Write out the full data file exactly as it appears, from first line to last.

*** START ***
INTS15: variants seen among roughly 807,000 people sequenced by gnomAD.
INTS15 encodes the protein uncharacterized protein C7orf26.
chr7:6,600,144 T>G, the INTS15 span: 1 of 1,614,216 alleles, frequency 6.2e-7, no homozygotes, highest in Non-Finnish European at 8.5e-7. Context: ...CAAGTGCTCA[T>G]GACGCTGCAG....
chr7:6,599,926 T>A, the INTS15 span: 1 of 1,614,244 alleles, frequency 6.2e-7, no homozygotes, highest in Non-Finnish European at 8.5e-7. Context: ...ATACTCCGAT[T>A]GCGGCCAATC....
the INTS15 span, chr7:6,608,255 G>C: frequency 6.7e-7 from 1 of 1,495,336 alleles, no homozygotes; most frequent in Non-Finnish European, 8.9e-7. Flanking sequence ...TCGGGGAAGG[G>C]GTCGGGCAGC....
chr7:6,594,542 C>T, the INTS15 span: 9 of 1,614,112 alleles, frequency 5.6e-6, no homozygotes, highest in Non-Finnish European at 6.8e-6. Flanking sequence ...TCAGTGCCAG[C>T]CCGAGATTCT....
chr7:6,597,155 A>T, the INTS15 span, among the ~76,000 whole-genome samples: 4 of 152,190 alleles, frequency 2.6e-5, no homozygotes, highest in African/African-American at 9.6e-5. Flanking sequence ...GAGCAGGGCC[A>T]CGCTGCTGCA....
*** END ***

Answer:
INTS15: variants seen among roughly 807,000 people sequenced by gnomAD.
INTS15 encodes the protein uncharacterized protein C7orf26.
chr7:6,600,144 T>G, the INTS15 span: 1 of 1,614,216 alleles, frequency 6.2e-7, no homozygotes, highest in Non-Finnish European at 8.5e-7. Context: ...CAAGTGCTCA[T>G]GACGCTGCAG....
chr7:6,599,926 T>A, the INTS15 span: 1 of 1,614,244 alleles, frequency 6.2e-7, no homozygotes, highest in Non-Finnish European at 8.5e-7. Context: ...ATACTCCGAT[T>A]GCGGCCAATC....
the INTS15 span, chr7:6,608,255 G>C: frequency 6.7e-7 from 1 of 1,495,336 alleles, no homozygotes; most frequent in Non-Finnish European, 8.9e-7. Flanking sequence ...TCGGGGAAGG[G>C]GTCGGGCAGC....
chr7:6,594,542 C>T, the INTS15 span: 9 of 1,614,112 alleles, frequency 5.6e-6, no homozygotes, highest in Non-Finnish European at 6.8e-6. Flanking sequence ...TCAGTGCCAG[C>T]CCGAGATTCT....
chr7:6,597,155 A>T, the INTS15 span, among the ~76,000 whole-genome samples: 4 of 152,190 alleles, frequency 2.6e-5, no homozygotes, highest in African/African-American at 9.6e-5. Flanking sequence ...GAGCAGGGCC[A>T]CGCTGCTGCA....